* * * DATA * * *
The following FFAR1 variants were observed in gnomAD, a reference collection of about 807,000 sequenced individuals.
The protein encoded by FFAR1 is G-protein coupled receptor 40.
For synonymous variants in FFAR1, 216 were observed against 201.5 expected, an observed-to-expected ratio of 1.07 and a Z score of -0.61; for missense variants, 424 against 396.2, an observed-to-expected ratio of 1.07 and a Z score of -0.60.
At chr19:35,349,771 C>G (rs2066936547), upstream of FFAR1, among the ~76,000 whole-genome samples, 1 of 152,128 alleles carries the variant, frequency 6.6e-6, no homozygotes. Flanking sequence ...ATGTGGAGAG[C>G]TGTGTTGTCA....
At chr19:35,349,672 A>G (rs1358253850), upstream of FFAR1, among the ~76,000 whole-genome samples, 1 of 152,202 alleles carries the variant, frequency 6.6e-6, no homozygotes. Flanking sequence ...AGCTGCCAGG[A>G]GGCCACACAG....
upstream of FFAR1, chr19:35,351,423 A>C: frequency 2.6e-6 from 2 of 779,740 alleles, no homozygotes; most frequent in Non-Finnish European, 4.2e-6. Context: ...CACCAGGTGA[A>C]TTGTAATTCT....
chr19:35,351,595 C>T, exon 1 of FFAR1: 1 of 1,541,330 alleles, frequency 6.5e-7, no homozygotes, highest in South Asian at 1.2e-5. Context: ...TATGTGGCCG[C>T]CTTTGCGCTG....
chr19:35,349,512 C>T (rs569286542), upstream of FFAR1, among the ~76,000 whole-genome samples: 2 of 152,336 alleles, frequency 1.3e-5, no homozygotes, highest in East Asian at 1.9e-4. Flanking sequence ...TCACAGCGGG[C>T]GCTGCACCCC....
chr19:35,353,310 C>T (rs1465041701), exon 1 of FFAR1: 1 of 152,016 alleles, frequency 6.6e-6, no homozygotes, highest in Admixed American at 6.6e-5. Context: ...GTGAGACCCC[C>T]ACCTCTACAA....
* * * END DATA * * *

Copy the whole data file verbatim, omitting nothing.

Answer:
The following FFAR1 variants were observed in gnomAD, a reference collection of about 807,000 sequenced individuals.
The protein encoded by FFAR1 is G-protein coupled receptor 40.
For synonymous variants in FFAR1, 216 were observed against 201.5 expected, an observed-to-expected ratio of 1.07 and a Z score of -0.61; for missense variants, 424 against 396.2, an observed-to-expected ratio of 1.07 and a Z score of -0.60.
At chr19:35,349,771 C>G (rs2066936547), upstream of FFAR1, among the ~76,000 whole-genome samples, 1 of 152,128 alleles carries the variant, frequency 6.6e-6, no homozygotes. Flanking sequence ...ATGTGGAGAG[C>G]TGTGTTGTCA....
At chr19:35,349,672 A>G (rs1358253850), upstream of FFAR1, among the ~76,000 whole-genome samples, 1 of 152,202 alleles carries the variant, frequency 6.6e-6, no homozygotes. Flanking sequence ...AGCTGCCAGG[A>G]GGCCACACAG....
upstream of FFAR1, chr19:35,351,423 A>C: frequency 2.6e-6 from 2 of 779,740 alleles, no homozygotes; most frequent in Non-Finnish European, 4.2e-6. Context: ...CACCAGGTGA[A>C]TTGTAATTCT....
chr19:35,351,595 C>T, exon 1 of FFAR1: 1 of 1,541,330 alleles, frequency 6.5e-7, no homozygotes, highest in South Asian at 1.2e-5. Context: ...TATGTGGCCG[C>T]CTTTGCGCTG....
chr19:35,349,512 C>T (rs569286542), upstream of FFAR1, among the ~76,000 whole-genome samples: 2 of 152,336 alleles, frequency 1.3e-5, no homozygotes, highest in East Asian at 1.9e-4. Flanking sequence ...TCACAGCGGG[C>T]GCTGCACCCC....
chr19:35,353,310 C>T (rs1465041701), exon 1 of FFAR1: 1 of 152,016 alleles, frequency 6.6e-6, no homozygotes, highest in Admixed American at 6.6e-5. Context: ...GTGAGACCCC[C>T]ACCTCTACAA....